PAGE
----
I’ve not seen all the plays that Director Alvin Tan and Playwright Haresh Sharma have done together in the last 20 years but amongst the ones that I have seen, “Model Citizens” is one of their best—honest, direct and biting.
Weaving the plot around a crisis—the stabbing of a Member of Parliament (MP) in this case—the play exposes the angst of Singaporeans that often remains hidden from the public gaze or is seldom discussed.
With an all female cast (Goh Guat Kian, Siti Khalijah and Karen Tan), the writer-director duo tells a story that shows how women in a society like Singapore’s are affected by actions that men take. In a way, they want change in their lives but they are trapped in situations that are not of their making—they are silent sufferers in a system that seemingly has turned against their own.
Take, for example, the MP’s wife. She used to teach science in Mandarin in a school. She is not comfortable with English as a medium of instruction. But that’s exactly what happens when the government changes it policy. As a result, she can’t teach in school anymore. She marries the politician whom she had met in college and becomes a tai tai. She wanted to have more than two children but then again the law changed. The government said, have less children. As a model wife of a parliamentarian, she had to gag her desires.
She misses her roots and she wants to go to China but at one point she admits that even China has changed now. There is no escape for her from this life of boredom: an existential angst. An entrapment. She wonders if there is any point to return to China as Singapore might, in her cognition, one day become the capital of China.
The Indonesian maid’s character, played by Siti Khalijah, is the most developed character of the play. She has a different agenda. Coming from a poor country, her escape lies in attaining the Singapore passport. She wants to ensnare a Singapore man and then take Singapore citizenship—her guarantee of escape from the eternal grind of poverty and hopelessness. For this, she is ready to go to any length. She leads a dual life: by day she is a docile maid, by night she is a raunchy sex worker. Her lover, a cleaner, stabs the MP in a public meeting when his plea for help to allow him to marry a foreign domestic maid falls on deaf ears. He is then sent to an asylum, facing a long jail term. Her dreams of marrying the man come to an end. But she tries her best to help him—for her own selfish reasons.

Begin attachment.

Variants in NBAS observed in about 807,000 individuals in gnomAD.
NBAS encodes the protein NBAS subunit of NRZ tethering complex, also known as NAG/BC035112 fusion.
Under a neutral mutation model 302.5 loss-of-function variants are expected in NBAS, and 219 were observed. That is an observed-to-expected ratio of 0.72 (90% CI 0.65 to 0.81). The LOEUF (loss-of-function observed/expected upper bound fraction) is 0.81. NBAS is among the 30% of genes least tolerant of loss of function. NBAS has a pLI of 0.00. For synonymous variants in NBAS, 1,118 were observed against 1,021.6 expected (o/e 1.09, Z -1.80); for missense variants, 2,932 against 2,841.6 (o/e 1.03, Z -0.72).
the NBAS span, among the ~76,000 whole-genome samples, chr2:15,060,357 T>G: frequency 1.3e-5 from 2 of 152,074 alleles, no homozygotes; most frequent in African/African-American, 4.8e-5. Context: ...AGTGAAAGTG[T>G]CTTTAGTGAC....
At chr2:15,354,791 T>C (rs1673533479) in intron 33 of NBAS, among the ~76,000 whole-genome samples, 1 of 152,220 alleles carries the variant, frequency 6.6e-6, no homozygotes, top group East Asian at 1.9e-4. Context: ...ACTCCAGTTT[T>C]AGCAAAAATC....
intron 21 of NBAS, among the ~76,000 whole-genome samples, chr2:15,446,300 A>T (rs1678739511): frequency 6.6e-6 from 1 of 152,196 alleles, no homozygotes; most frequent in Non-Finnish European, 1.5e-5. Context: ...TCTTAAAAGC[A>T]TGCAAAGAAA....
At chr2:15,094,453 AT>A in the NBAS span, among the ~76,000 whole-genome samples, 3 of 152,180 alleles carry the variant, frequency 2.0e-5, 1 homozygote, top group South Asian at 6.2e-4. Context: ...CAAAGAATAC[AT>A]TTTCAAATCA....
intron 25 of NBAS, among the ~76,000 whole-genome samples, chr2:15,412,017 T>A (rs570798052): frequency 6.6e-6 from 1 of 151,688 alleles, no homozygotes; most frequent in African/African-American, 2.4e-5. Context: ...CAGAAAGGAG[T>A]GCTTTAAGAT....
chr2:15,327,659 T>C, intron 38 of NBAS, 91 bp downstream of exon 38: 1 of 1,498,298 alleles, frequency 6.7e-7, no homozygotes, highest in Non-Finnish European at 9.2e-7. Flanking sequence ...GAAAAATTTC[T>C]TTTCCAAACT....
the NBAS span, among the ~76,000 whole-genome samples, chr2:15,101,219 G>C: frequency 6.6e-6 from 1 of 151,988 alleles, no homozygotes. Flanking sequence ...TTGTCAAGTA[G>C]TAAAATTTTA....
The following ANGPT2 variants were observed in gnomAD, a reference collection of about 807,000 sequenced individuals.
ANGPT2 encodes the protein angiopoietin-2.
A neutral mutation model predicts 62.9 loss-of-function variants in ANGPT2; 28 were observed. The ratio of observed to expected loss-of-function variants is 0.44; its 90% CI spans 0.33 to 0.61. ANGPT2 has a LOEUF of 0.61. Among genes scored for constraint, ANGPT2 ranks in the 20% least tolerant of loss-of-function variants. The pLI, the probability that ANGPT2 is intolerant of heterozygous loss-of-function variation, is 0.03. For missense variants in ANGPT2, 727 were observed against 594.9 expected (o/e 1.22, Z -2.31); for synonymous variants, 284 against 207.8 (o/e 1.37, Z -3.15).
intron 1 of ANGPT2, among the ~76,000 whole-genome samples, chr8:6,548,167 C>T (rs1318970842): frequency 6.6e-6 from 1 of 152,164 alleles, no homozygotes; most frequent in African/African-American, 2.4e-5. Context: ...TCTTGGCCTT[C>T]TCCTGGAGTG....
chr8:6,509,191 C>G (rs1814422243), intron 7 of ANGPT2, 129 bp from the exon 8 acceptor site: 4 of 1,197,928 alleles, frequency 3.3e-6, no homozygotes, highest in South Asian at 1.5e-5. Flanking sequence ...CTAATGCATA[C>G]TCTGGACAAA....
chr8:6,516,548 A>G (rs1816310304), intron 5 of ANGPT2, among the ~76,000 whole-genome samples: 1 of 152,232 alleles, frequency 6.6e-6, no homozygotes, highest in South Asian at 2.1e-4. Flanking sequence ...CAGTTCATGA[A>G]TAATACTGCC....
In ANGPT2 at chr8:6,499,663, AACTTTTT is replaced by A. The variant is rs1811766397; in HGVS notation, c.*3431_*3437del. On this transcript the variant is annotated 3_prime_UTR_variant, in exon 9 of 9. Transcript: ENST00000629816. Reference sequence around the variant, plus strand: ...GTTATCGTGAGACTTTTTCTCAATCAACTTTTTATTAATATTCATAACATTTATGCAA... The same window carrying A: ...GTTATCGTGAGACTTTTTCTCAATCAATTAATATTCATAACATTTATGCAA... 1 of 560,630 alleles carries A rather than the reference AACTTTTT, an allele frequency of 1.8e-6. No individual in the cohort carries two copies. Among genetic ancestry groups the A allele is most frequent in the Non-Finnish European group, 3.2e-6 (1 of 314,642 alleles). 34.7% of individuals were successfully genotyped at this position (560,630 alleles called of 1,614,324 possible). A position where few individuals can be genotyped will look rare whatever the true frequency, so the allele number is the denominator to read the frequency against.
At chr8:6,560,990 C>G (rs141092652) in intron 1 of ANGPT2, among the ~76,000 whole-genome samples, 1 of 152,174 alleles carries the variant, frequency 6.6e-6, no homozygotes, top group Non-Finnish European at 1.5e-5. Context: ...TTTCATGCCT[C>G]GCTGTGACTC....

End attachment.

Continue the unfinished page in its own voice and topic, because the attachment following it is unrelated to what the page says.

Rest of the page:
Khalijah has played her role with dexterity. The only gratuitous scene is perhaps the one where she forces upon herself a miscarriage—but for that I think I should blame Haresh. What was he trying to evoke—the inherent dangers of being a prostitute?
The maid has a great relationship with her husbandless boss who treats her like a sister. The boss has lost her son and she does not even know why she lost him. She keeps remembering her son which is natural. At one point she complains about her children—how did I create such monsters—and then she keeps on fondly remembering the son. That was perhaps the only instance of a loose wire in the play; the whole thing was a bit unclear in the dialogues.
However, this is a very controlled play and showcases the maturity of the writer. The dialogues are crisp and biting. The three actors have done a fantastic job. I loved the structure of the play which starts with a crisis and then moves back in time, only to come back to the present moment and move the story forward to, unfortunately, a melodramatic ending.
Among other things, the play shows a clear disconnect between a ‘master class’ of rulers and the HDB-dwellers of the prosperous city-state—the ruling class being insensitive to the needs of the downtrodden, all in the name of progress and development, and controlling their destinies by perennially moving the levers of laws. What Haresh and Alvin seem to suggest here is that in the current set-up, the only way to become a model citizen is to join the system and enjoy the fringe benefits of belonging. It would be akin to killing oneself from inside but that is the price one has to pay for the luxury of belonging.
3 – 6 & 11 – 13 March 2010, 8pm
6 – 7 & 13 – 14 March 2010, 3pm
The Necessary Stage Black Box
278 Marine Parade Road
#B1-02 Marine Parade Community Building
Tickets are available at all SISTIC authorised agents, via the hotline at 6348 5555 or online at www.sistic.com